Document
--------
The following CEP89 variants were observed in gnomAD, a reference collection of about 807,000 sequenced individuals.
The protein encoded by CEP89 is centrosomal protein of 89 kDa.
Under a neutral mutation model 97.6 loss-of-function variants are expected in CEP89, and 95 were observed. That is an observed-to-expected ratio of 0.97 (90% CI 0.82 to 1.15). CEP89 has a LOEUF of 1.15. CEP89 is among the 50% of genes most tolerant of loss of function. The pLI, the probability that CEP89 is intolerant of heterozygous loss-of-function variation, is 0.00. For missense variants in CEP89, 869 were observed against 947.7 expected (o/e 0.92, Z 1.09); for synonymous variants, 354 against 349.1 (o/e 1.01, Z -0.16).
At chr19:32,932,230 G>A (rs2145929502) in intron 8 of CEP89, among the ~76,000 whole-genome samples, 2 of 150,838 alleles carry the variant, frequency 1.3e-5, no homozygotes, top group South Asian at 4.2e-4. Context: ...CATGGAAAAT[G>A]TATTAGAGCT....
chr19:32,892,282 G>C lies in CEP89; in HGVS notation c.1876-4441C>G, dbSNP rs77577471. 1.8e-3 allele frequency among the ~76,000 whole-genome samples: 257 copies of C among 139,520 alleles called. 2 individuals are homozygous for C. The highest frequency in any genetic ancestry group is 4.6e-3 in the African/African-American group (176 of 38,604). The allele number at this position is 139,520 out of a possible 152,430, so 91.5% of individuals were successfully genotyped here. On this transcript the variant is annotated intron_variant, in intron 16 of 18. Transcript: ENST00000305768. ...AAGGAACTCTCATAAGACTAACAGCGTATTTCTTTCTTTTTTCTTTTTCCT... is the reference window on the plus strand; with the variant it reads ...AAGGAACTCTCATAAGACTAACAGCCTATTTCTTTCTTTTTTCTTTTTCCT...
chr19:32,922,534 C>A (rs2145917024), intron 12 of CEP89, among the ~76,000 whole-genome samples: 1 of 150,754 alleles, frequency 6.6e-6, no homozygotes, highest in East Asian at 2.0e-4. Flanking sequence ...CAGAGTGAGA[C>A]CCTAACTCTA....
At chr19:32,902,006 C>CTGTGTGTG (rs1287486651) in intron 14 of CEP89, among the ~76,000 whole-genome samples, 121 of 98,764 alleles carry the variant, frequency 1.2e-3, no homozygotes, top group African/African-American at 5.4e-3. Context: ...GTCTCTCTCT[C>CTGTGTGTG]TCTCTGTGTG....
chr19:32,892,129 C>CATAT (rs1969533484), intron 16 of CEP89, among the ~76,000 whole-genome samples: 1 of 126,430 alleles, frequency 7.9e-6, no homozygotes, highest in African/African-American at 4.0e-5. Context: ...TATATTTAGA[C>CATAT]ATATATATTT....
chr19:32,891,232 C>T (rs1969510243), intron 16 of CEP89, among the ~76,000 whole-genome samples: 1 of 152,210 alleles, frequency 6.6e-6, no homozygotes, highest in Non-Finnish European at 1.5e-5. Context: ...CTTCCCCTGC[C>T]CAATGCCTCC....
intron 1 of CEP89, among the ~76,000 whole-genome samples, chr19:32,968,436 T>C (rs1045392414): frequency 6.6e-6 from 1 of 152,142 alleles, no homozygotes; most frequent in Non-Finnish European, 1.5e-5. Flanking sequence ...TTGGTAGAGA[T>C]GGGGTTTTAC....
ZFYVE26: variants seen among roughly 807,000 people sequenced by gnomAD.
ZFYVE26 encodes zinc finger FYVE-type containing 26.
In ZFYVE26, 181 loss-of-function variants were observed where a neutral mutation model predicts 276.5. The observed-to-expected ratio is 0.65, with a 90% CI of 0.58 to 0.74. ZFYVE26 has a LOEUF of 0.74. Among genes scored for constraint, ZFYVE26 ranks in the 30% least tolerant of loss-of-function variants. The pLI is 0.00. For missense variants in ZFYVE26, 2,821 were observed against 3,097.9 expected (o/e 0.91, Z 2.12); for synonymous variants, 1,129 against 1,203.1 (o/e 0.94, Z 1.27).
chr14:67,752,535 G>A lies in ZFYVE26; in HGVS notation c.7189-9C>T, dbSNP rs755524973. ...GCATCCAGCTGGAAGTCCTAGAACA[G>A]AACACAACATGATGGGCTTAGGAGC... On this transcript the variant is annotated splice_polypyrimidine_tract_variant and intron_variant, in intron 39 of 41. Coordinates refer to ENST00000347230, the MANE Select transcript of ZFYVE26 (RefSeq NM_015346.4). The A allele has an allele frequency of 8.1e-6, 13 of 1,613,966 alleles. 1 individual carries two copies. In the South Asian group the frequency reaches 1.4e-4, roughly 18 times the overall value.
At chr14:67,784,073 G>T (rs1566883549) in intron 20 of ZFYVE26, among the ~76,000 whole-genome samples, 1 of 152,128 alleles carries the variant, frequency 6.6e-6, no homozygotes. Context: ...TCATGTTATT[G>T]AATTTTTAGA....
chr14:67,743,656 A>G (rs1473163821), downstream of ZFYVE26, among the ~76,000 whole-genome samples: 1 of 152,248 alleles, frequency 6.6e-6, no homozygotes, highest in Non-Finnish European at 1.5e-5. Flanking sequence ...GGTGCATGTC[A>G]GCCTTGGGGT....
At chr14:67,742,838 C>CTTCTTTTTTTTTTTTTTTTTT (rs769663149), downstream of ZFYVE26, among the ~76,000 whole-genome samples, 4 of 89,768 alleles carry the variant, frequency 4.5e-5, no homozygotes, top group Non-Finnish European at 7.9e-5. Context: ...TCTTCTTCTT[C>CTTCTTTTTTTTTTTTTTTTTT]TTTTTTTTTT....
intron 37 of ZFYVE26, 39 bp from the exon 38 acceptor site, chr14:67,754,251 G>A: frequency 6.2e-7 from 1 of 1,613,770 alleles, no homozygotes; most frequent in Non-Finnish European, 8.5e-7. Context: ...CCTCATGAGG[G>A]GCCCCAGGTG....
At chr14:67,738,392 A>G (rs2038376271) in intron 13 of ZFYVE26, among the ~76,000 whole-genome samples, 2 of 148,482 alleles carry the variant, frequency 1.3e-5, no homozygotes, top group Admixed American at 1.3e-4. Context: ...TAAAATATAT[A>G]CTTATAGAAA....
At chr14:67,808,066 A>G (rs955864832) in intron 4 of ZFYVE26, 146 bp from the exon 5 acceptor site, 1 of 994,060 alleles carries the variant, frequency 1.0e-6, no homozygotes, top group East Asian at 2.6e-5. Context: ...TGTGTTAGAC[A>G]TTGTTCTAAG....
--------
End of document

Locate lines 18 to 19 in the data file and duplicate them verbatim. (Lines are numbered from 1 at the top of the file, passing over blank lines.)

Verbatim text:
intron 37 of ZFYVE26, 39 bp from the exon 38 acceptor site, chr14:67,754,251 G>A: frequency 6.2e-7 from 1 of 1,613,770 alleles, no homozygotes; most frequent in Non-Finnish European, 8.5e-7. Context: ...CCTCATGAGG[G>A]GCCCCAGGTG....
At chr14:67,738,392 A>G (rs2038376271) in intron 13 of ZFYVE26, among the ~76,000 whole-genome samples, 2 of 148,482 alleles carry the variant, frequency 1.3e-5, no homozygotes, top group Admixed American at 1.3e-4. Context: ...TAAAATATAT[A>G]CTTATAGAAA....